# Moore Neighbor Contour Tracing Algorithm in C++

This post shows the implementation of Moore’s neighbor tracing algorithm in C++. This algorithm performs what is called contour tracing i.e.
tracing the borders or boundaries of, in this case, a binary image. The two images below illustrates what the algorithm does with a pure black and white/binary image.

Short explanation of how the algorithm works
Pad the image with a white 1 pixel wide border. Start scanning from the top-left position and scan each pixel from left to right downwards. When a black pixel is found, trace around the contour in a clockwise direction. Tracing the contour is done by checking the 8 neighbors and see if they are black. The neighbors are checked in a clockwise manner. When we are finished tracing the contour, we start scanning again from were we started to trace and a variable “inside” is set to true. This variable will be set back to false when a white pixel is encountered. This variable is used to prevent processing of non-contours.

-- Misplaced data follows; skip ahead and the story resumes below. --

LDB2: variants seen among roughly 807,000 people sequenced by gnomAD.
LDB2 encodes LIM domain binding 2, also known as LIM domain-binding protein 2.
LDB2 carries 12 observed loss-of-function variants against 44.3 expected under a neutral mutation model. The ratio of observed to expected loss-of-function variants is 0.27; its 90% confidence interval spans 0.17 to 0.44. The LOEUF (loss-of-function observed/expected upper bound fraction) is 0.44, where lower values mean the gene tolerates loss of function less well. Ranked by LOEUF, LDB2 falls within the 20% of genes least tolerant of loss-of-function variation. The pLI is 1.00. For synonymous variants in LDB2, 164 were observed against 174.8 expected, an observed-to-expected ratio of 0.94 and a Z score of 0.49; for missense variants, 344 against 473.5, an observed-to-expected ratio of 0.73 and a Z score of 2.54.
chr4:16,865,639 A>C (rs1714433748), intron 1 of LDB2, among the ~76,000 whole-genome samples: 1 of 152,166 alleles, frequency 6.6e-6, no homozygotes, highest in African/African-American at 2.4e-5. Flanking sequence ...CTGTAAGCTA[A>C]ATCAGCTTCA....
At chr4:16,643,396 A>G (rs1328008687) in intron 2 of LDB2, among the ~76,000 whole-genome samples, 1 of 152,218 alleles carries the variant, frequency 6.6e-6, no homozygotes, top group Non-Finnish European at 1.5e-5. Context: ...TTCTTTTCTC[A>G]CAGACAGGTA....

A good and more detailed explanation of how this simple little algorithm works can be found here

The implementation
The function below uses a 1D pixel array which definition you can find in the header file included in the source along with some other definitions and functions that are needed to run the function. The code below simply show the implementation of the actual algorithm. The C++ files can be downloaded here along with some test files using the SDL library